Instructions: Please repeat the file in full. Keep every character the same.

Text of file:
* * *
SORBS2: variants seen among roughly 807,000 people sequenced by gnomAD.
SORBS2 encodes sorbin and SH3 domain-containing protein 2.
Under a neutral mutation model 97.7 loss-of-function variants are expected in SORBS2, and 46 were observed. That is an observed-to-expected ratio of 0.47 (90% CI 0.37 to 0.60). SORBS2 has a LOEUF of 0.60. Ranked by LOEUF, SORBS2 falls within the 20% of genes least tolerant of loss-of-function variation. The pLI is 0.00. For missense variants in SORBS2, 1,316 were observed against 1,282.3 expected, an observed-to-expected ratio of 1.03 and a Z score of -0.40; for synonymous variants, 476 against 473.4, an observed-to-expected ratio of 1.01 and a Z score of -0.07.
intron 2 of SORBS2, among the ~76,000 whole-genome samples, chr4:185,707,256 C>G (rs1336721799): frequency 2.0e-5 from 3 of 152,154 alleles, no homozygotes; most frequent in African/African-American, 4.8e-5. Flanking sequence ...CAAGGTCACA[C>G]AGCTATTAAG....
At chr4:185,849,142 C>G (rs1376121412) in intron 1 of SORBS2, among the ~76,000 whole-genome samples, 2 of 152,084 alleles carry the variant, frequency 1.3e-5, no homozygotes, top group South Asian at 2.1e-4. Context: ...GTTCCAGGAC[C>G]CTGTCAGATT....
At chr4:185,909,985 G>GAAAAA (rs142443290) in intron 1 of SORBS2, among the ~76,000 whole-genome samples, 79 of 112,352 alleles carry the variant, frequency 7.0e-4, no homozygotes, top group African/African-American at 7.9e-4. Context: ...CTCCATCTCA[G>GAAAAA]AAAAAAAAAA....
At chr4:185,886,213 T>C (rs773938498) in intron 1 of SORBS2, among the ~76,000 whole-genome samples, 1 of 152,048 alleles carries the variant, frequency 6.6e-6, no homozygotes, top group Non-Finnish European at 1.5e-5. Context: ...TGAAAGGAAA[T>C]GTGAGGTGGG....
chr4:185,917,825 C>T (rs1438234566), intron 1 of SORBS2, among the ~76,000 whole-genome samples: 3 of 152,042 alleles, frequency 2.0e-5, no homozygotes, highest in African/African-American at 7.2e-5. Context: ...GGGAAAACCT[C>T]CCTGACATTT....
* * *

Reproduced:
SORBS2: variants seen among roughly 807,000 people sequenced by gnomAD.
SORBS2 encodes sorbin and SH3 domain-containing protein 2.
Under a neutral mutation model 97.7 loss-of-function variants are expected in SORBS2, and 46 were observed. That is an observed-to-expected ratio of 0.47 (90% CI 0.37 to 0.60). SORBS2 has a LOEUF of 0.60. Ranked by LOEUF, SORBS2 falls within the 20% of genes least tolerant of loss-of-function variation. The pLI is 0.00. For missense variants in SORBS2, 1,316 were observed against 1,282.3 expected, an observed-to-expected ratio of 1.03 and a Z score of -0.40; for synonymous variants, 476 against 473.4, an observed-to-expected ratio of 1.01 and a Z score of -0.07.
intron 2 of SORBS2, among the ~76,000 whole-genome samples, chr4:185,707,256 C>G (rs1336721799): frequency 2.0e-5 from 3 of 152,154 alleles, no homozygotes; most frequent in African/African-American, 4.8e-5. Flanking sequence ...CAAGGTCACA[C>G]AGCTATTAAG....
At chr4:185,849,142 C>G (rs1376121412) in intron 1 of SORBS2, among the ~76,000 whole-genome samples, 2 of 152,084 alleles carry the variant, frequency 1.3e-5, no homozygotes, top group South Asian at 2.1e-4. Context: ...GTTCCAGGAC[C>G]CTGTCAGATT....
At chr4:185,909,985 G>GAAAAA (rs142443290) in intron 1 of SORBS2, among the ~76,000 whole-genome samples, 79 of 112,352 alleles carry the variant, frequency 7.0e-4, no homozygotes, top group African/African-American at 7.9e-4. Context: ...CTCCATCTCA[G>GAAAAA]AAAAAAAAAA....
At chr4:185,886,213 T>C (rs773938498) in intron 1 of SORBS2, among the ~76,000 whole-genome samples, 1 of 152,048 alleles carries the variant, frequency 6.6e-6, no homozygotes, top group Non-Finnish European at 1.5e-5. Context: ...TGAAAGGAAA[T>C]GTGAGGTGGG....
chr4:185,917,825 C>T (rs1438234566), intron 1 of SORBS2, among the ~76,000 whole-genome samples: 3 of 152,042 alleles, frequency 2.0e-5, no homozygotes, highest in African/African-American at 7.2e-5. Context: ...GGGAAAACCT[C>T]CCTGACATTT....